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A major figure in the fiber movement of the 1950s and 1960s, Lenore Tawney redefined the possibilities of weaving and led the way toward the explosive growth of fiber art in subsequent decades. She created a new vocabulary for textile works by subverting the typical woven grid and inventing new ways of weaving beyond the traditional boundaries of the loom. In order to emphasize the sculptural qualities of her works, Tawney maintained that they hang in space rather than against the wall.
Born in Lorain, Ohio, in 1907, Tawney moved to Chicago at the age of twenty and supported herself by working as a proofreader for a legal publishing company. After 15 of years living and working in the city, she began taking classes at the Art Institute as well as Chicago’s Institute of Design (formerly the New Bauhaus). At the ID, Tawney studied sculpture with Alexander Archipenko and weaving with Marli Ehrman, an alumna of the innovative weaving workshop at the Bauhaus school of art in Germany. Tawney bought her first loom when she was 41 and devoted herself wholly to weaving at the age of 47.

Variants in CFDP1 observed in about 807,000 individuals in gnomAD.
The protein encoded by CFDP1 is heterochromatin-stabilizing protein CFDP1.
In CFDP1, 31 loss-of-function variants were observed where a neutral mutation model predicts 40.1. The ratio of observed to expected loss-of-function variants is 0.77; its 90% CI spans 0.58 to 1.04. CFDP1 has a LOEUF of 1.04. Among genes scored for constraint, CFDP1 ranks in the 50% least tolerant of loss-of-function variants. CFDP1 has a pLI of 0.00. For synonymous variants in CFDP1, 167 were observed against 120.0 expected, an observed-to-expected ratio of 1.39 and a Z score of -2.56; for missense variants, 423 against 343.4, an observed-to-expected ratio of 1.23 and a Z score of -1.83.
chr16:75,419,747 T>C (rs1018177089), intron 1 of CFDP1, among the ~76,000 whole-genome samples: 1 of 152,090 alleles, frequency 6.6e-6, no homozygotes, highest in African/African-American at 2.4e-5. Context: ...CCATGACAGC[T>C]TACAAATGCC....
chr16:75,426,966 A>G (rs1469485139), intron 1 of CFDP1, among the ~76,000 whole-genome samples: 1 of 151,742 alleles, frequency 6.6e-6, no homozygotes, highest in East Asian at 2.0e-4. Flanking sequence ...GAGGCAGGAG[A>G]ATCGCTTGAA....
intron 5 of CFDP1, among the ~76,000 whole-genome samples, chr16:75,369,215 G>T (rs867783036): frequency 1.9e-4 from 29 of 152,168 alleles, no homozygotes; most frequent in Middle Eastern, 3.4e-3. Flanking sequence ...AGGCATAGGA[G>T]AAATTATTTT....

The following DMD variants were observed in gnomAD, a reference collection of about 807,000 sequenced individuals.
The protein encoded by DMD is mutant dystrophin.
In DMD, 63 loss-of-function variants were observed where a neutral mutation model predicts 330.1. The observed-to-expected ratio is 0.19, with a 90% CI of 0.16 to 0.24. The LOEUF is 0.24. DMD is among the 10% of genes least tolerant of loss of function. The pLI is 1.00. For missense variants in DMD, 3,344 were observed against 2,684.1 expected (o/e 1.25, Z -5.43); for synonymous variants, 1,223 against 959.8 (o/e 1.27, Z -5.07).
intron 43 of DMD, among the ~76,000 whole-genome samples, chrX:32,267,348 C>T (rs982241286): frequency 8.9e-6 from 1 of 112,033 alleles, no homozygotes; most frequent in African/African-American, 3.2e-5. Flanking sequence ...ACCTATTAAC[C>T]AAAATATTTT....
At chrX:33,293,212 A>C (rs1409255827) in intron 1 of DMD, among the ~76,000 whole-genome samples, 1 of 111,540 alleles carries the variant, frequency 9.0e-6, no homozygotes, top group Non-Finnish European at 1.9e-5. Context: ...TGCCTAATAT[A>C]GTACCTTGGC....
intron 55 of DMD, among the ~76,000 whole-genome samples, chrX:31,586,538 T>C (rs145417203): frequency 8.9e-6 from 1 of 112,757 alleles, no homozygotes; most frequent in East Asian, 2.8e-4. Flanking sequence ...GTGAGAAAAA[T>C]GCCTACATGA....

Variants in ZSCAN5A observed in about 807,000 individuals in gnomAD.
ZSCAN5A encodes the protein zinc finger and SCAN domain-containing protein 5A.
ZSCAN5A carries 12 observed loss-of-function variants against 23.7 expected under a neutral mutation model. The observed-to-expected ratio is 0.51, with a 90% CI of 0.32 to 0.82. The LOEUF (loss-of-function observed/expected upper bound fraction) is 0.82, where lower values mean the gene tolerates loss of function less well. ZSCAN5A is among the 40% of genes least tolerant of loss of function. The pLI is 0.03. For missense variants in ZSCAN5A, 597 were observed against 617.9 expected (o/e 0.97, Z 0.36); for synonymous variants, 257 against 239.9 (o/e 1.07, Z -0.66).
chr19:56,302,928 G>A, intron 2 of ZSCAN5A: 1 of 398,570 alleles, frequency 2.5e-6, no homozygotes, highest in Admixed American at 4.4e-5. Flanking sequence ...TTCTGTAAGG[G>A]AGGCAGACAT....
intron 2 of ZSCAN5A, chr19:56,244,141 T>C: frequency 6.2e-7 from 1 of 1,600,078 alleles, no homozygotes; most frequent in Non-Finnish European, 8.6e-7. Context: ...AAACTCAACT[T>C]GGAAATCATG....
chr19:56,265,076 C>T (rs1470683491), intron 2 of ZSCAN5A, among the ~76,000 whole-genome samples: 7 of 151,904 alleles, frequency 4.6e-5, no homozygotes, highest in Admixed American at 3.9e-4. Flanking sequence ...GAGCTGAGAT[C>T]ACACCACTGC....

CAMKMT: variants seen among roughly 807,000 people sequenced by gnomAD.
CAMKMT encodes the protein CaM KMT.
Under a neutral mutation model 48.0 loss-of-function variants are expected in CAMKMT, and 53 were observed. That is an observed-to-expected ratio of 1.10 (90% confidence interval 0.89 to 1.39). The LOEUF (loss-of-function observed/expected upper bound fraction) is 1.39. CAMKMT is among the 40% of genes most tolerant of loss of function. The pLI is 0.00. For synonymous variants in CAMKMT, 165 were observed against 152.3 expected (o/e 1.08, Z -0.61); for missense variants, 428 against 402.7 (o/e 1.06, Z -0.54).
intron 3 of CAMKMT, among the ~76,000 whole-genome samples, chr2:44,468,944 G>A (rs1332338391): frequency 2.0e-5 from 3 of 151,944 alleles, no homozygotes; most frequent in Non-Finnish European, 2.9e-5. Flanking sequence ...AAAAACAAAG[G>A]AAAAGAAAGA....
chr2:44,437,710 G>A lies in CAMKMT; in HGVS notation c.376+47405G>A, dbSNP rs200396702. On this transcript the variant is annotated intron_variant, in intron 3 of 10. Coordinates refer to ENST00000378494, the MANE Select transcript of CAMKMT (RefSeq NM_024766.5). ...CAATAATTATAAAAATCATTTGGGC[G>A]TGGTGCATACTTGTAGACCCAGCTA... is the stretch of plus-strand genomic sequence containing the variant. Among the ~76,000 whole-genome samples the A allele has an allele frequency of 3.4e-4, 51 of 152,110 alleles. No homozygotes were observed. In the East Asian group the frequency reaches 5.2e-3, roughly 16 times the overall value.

Late Life and Legacy

Tawney remained a permanent pilgrim all her life, travelling the world until she was almost 90 years old. She died in 2007 in her New York loft at the age of 100.

Her art is held in important museum collections including LACMA, the Menil Collection, the Metropolitan Museum of Art, the MoMA, the Philadelphia Museum of Art, the Whitney Museum of American Art, and Tate Modern. Her estate has been represented by Alison Jacques Gallery since 2018. In 2019, a major museum survey, “Lenore Tawney: Mirror of the Universe,” was held at the John Michael Kohler Arts Center in Wisconsin. Key elements of Tawney’s exceptional studio environment are on permanent display here.

Lenore Tawney established the Lenore G. Tawney Foundation in 1989, with the aim to support the visual arts with a focus on craft media, and in particular, to support emerging artists.